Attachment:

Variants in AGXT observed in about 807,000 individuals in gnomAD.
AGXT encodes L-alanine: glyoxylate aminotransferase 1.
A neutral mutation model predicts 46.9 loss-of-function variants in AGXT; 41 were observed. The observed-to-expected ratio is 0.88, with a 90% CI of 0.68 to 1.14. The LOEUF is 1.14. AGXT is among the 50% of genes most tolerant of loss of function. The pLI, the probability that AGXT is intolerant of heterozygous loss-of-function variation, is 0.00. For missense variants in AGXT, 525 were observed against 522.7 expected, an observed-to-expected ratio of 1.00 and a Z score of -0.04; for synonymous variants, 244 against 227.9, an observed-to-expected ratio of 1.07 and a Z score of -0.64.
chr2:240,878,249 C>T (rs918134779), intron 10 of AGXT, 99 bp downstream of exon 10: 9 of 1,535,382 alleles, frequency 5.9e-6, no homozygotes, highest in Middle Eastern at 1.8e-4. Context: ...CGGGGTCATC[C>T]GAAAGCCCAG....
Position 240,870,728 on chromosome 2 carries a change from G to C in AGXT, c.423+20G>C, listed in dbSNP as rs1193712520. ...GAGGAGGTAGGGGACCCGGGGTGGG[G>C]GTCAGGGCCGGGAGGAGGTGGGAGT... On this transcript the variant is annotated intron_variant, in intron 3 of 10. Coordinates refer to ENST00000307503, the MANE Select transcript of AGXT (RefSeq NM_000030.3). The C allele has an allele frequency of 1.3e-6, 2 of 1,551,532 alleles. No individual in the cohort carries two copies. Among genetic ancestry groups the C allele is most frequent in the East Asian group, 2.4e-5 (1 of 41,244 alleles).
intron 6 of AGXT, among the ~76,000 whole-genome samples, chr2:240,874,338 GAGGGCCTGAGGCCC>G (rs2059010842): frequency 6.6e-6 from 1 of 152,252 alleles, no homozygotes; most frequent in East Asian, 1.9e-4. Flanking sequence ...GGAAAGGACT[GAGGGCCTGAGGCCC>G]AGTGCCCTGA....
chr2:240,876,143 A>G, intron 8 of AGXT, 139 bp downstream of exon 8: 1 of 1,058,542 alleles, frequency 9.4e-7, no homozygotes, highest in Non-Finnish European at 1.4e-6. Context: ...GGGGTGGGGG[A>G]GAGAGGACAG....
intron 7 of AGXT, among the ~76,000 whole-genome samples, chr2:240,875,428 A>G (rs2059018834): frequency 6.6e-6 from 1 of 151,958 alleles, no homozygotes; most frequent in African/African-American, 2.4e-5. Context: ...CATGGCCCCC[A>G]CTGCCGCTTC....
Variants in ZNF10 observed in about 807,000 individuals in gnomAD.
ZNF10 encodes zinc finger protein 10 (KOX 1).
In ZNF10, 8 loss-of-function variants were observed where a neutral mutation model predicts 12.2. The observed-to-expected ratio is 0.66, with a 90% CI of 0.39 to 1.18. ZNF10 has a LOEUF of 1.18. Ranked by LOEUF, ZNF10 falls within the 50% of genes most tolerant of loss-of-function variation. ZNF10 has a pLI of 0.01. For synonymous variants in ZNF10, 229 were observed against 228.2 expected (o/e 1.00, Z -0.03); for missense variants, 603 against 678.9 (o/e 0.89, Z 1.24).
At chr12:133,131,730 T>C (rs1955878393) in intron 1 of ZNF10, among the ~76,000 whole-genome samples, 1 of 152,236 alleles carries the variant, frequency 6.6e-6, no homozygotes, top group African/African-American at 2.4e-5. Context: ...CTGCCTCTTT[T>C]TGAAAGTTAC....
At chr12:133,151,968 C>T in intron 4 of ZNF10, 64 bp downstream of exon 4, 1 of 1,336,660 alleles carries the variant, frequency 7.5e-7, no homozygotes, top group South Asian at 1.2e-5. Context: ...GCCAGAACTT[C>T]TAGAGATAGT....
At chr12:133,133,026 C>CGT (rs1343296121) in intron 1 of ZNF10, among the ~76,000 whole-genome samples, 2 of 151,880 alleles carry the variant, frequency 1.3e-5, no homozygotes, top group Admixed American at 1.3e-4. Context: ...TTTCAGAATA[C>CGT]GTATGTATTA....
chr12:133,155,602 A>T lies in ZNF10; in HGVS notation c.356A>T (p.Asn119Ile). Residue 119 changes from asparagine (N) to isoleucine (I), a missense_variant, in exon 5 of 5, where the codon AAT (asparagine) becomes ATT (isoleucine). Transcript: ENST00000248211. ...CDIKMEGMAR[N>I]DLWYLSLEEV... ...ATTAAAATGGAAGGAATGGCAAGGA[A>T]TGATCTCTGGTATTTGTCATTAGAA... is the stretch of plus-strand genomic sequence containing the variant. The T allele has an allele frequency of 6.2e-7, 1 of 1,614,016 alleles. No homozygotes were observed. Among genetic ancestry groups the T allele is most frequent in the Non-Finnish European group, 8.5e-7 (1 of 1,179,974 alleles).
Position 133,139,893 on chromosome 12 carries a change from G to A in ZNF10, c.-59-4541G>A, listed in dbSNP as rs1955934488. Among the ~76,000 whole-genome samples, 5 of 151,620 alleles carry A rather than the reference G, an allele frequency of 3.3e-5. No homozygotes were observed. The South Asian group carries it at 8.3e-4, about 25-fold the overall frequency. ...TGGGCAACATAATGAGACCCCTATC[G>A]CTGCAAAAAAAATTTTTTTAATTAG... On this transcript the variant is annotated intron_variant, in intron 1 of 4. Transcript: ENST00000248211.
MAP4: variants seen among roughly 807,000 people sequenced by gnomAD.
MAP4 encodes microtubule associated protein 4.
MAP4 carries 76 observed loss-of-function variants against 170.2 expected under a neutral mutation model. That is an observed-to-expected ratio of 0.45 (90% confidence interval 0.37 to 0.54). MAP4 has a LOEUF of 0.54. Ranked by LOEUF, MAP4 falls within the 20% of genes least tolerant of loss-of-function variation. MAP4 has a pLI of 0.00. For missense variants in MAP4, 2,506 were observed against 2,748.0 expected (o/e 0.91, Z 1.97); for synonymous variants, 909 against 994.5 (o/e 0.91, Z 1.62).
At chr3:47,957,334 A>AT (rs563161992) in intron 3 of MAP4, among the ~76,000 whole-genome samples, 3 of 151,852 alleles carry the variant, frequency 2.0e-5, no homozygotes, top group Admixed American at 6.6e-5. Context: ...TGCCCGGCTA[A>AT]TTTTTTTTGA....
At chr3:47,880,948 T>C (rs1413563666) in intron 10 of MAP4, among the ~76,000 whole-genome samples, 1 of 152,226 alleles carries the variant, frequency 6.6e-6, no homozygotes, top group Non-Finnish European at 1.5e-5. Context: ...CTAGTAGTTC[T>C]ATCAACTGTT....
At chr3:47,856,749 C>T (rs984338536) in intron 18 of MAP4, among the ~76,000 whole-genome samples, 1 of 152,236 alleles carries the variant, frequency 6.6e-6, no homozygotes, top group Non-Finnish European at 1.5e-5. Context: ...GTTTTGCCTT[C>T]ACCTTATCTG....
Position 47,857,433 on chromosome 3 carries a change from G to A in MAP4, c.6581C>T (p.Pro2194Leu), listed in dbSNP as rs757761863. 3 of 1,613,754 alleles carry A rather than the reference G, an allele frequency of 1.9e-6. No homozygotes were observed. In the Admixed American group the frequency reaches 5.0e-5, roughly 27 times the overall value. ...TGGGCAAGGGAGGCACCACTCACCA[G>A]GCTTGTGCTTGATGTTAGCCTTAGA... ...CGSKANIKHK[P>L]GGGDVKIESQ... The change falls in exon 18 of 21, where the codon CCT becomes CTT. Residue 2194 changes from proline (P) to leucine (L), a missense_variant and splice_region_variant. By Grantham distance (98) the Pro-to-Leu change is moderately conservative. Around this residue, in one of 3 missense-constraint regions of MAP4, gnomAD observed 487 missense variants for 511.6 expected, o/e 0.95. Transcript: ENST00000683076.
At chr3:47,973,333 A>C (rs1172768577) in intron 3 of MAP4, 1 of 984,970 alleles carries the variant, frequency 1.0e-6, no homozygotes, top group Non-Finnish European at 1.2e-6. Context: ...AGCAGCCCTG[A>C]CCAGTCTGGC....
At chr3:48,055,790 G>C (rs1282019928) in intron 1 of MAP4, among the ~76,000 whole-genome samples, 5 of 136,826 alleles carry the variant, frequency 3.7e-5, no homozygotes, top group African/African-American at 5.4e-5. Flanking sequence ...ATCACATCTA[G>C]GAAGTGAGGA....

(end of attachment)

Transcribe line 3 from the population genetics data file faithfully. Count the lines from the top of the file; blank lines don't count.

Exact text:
A neutral mutation model predicts 46.9 loss-of-function variants in AGXT; 41 were observed. The observed-to-expected ratio is 0.88, with a 90% CI of 0.68 to 1.14. The LOEUF is 1.14. AGXT is among the 50% of genes most tolerant of loss of function. The pLI, the probability that AGXT is intolerant of heterozygous loss-of-function variation, is 0.00. For missense variants in AGXT, 525 were observed against 522.7 expected, an observed-to-expected ratio of 1.00 and a Z score of -0.04; for synonymous variants, 244 against 227.9, an observed-to-expected ratio of 1.07 and a Z score of -0.64.